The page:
With twin toddlers to care for, her husband worked closely alongside Rossi's cancer team and did his own research so he was fully prepared for what was heading their way as Rossi’s treatment unfolded.
“He knew the side effects and kind of was able to stay one step ahead,” Rossi remembered. “So I truly commend him for not knowing anything about oncology, nursing, and then being able to deal with a patient who's a nurse, which we all know is so hard.”
And once again, the experience of facing cancer first-hand, this time as a patient herself, inspired Rossi to take her nursing career even further. She decided she wanted to get her FNP and then maybe even her DNP.
“I wanted to keep learning because I got to see what it is to be a patient,” she told Nurse Alice. “I got to see what it is--to receive amazing care. I wanted to provide that to patients. I wanted to diagnose and treat and be that resource and that rock and foundation for a patient. I just wanted so much more from life that I said, ‘You know what? I'm going to get my FNP then maybe my DNP.’ I just want to keep on going because I received this second chance at life.”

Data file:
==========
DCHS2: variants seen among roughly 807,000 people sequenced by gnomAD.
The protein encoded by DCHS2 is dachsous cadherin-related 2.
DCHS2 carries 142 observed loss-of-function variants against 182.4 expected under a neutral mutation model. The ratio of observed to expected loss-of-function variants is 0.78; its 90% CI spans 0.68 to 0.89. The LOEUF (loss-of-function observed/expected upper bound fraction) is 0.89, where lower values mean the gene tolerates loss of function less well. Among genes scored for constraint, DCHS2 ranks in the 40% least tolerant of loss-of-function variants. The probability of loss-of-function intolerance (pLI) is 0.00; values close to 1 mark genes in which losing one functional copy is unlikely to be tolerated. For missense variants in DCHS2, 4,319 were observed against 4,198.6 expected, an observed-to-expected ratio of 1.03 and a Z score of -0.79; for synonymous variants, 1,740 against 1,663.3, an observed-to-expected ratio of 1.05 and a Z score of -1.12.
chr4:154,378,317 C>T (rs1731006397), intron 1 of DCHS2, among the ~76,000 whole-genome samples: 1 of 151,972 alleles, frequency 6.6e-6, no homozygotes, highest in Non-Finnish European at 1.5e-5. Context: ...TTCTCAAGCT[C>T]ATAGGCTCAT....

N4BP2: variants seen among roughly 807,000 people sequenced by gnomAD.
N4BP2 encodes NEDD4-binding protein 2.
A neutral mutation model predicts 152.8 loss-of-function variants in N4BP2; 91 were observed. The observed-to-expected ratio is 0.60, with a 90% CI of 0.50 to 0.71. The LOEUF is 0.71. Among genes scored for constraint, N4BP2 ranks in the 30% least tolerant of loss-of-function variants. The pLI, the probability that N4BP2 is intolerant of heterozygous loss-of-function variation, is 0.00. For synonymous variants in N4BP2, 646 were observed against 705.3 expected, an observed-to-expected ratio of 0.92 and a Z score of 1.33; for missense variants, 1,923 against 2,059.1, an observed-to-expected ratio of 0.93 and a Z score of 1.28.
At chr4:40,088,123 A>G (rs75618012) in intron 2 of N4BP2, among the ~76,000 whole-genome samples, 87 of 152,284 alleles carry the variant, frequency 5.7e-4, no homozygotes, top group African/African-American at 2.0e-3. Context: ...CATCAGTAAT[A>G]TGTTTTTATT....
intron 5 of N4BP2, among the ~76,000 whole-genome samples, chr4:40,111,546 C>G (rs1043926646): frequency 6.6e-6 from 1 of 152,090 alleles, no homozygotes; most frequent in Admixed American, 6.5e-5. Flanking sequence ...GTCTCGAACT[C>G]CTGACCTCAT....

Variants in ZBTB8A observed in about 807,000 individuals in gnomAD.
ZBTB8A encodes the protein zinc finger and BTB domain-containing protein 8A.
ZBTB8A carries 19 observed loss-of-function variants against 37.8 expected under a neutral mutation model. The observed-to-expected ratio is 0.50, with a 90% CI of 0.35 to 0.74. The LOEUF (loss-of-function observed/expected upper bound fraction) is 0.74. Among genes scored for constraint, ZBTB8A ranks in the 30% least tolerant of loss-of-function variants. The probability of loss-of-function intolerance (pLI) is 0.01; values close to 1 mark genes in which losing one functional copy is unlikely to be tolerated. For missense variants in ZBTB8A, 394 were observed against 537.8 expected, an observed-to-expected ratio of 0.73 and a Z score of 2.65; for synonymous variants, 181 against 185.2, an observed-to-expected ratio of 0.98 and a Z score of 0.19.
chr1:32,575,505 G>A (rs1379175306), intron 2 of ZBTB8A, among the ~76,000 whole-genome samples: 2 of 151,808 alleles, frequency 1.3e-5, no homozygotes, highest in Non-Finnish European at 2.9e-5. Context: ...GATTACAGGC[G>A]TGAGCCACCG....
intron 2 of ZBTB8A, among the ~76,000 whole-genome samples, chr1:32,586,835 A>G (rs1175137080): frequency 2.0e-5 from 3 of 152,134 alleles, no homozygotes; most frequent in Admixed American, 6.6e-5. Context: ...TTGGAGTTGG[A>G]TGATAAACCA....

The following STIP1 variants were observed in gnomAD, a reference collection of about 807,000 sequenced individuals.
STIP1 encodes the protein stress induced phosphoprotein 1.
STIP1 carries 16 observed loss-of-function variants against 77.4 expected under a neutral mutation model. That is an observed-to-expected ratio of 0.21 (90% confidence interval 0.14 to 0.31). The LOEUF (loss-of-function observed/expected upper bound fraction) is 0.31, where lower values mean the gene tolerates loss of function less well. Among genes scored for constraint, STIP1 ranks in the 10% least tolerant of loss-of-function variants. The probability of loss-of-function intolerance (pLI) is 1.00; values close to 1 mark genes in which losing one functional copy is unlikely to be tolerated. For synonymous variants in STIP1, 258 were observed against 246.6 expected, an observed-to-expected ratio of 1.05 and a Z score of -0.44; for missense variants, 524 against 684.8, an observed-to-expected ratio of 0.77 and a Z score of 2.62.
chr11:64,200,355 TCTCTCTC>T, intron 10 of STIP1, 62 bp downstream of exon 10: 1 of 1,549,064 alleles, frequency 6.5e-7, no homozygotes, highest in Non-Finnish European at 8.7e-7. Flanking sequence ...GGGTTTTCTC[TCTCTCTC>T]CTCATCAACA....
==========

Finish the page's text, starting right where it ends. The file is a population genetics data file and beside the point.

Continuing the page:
Advocate for Yourself
Now in her third year of FNP school, with one year left of clinicians to go, Rossi will graduate next year, and she’s a strong advocate for anyone wanting to pursue a big goal like becoming a nurse to just do it.
“You can always have a second chance,” she shared. “You can give yourself a second chance—you don't have to wait until a life-altering event to start over. You can change your life. You have a second chance at whatever you want to do.”
Rossi is also an advocate for women and men to push for diagnosis if their gut tells them something is wrong. In her case, she really had to push her doctor to look into the lump—he initially wanted her to wait a few weeks to see if it cleared up on its own.
“I just remember being so angry since I already knew what it was,” she said. “And you know how fast cancer moves, so if I had waited those two weeks, I might not be here.”
She fears that if she hadn’t been a nurse (“and a stubborn person”), she might have just listened and waited—a decision that could have cost her her life.
That's why I feel like this is such an important conversation to have with women and men in general without a risk factor and with a risk factor,” she said. “If you feel like something's off, advocate for yourself.”
Rossi encourages anyone struggling with cancer, or who has dreams of advancing their nursing career, to contact her through her blog or on social media.